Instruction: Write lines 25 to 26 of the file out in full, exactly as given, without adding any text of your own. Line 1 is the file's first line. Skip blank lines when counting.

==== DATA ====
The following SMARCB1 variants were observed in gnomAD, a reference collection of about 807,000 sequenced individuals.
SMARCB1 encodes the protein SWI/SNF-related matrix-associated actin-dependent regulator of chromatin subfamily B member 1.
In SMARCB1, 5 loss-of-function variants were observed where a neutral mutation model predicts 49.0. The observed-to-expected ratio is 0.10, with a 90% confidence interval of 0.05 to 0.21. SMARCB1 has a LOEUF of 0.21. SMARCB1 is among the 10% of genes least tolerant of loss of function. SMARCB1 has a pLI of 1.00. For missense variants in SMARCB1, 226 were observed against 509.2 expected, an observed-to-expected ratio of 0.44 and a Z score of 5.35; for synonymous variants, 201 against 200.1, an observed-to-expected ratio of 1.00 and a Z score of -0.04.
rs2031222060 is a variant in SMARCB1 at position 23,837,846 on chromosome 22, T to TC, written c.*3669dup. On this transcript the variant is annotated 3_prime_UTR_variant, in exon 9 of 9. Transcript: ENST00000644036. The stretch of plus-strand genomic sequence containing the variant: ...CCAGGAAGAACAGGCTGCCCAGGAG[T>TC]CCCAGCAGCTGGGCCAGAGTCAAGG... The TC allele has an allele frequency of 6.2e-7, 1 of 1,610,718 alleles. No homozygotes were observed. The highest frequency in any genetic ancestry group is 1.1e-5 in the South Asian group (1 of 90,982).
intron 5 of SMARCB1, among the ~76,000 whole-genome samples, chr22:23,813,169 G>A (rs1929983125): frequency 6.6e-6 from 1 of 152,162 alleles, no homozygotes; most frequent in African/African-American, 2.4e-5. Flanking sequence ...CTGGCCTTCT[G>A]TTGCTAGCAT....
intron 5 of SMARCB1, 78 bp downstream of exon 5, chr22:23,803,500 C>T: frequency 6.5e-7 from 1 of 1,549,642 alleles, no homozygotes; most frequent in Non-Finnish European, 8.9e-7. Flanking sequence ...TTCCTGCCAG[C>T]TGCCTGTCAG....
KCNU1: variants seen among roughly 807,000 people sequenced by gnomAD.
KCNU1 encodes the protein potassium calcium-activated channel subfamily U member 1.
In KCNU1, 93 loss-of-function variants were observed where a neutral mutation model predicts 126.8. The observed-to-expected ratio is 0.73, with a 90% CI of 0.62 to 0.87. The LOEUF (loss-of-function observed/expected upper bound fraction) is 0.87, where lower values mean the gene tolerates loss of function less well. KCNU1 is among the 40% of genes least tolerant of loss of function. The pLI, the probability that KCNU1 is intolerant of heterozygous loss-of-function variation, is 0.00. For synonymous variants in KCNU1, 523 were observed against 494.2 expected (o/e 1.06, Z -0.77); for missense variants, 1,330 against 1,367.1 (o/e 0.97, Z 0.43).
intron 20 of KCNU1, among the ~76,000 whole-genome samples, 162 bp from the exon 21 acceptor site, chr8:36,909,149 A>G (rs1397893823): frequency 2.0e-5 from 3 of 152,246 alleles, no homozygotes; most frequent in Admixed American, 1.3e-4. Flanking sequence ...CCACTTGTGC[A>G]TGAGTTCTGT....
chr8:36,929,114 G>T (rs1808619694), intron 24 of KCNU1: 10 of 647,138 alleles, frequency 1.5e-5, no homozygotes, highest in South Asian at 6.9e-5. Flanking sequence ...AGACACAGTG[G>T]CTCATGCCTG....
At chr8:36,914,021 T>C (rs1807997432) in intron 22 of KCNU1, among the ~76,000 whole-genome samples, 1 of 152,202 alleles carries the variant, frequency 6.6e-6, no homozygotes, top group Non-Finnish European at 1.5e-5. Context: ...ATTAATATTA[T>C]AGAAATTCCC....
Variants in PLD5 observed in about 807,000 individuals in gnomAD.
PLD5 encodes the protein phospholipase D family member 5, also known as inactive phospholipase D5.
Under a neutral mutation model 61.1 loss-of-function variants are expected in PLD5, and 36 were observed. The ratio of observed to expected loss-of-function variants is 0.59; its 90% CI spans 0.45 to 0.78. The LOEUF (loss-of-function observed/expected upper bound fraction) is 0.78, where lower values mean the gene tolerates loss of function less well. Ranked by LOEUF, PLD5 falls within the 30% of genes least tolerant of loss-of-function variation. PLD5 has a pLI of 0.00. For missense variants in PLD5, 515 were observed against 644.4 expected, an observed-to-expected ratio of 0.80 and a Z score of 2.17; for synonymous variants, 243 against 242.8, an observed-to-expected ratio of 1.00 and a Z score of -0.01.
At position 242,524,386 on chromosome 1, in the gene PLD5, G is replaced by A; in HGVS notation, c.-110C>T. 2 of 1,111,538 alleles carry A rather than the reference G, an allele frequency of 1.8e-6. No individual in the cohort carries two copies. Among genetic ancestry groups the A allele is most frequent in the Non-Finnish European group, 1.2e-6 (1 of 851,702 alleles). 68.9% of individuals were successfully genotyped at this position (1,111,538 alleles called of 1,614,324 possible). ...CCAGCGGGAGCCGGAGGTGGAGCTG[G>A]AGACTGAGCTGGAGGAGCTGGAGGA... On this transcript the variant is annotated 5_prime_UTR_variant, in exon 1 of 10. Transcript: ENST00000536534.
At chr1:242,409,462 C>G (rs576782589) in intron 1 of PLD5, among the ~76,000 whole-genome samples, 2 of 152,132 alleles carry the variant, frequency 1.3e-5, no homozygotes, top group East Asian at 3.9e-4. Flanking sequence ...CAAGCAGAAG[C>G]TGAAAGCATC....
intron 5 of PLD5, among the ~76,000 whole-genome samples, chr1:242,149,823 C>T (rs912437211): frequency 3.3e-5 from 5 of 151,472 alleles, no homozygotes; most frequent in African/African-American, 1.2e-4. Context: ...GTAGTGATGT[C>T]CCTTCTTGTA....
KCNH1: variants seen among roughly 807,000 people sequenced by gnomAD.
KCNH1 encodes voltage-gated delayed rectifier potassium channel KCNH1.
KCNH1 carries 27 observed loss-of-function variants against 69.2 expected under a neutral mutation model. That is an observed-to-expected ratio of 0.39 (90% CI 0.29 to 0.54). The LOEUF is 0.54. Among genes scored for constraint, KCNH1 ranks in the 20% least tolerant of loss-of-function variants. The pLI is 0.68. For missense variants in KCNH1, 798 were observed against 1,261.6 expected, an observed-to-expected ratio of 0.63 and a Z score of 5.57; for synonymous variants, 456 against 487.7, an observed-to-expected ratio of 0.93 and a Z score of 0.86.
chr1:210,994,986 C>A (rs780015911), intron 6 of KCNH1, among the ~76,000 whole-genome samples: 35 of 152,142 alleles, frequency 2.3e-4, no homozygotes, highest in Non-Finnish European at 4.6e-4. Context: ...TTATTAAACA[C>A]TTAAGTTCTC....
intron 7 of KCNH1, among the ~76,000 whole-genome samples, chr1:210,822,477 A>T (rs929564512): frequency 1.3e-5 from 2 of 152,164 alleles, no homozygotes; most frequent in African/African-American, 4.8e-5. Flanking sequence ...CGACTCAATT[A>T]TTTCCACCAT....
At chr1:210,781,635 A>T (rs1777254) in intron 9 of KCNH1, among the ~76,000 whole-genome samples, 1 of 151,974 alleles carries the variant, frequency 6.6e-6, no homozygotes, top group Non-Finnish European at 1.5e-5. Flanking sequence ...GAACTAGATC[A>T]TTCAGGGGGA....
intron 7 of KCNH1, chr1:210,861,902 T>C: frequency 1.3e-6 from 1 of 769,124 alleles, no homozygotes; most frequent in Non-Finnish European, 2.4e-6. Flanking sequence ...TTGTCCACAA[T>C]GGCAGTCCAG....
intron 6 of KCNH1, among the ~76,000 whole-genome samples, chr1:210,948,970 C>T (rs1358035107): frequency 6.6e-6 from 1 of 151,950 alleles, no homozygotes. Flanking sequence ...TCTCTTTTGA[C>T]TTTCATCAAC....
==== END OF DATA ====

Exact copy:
intron 7 of KCNH1, chr1:210,861,902 T>C: frequency 1.3e-6 from 1 of 769,124 alleles, no homozygotes; most frequent in Non-Finnish European, 2.4e-6. Flanking sequence ...TTGTCCACAA[T>C]GGCAGTCCAG....
intron 6 of KCNH1, among the ~76,000 whole-genome samples, chr1:210,948,970 C>T (rs1358035107): frequency 6.6e-6 from 1 of 151,950 alleles, no homozygotes. Flanking sequence ...TCTCTTTTGA[C>T]TTTCATCAAC....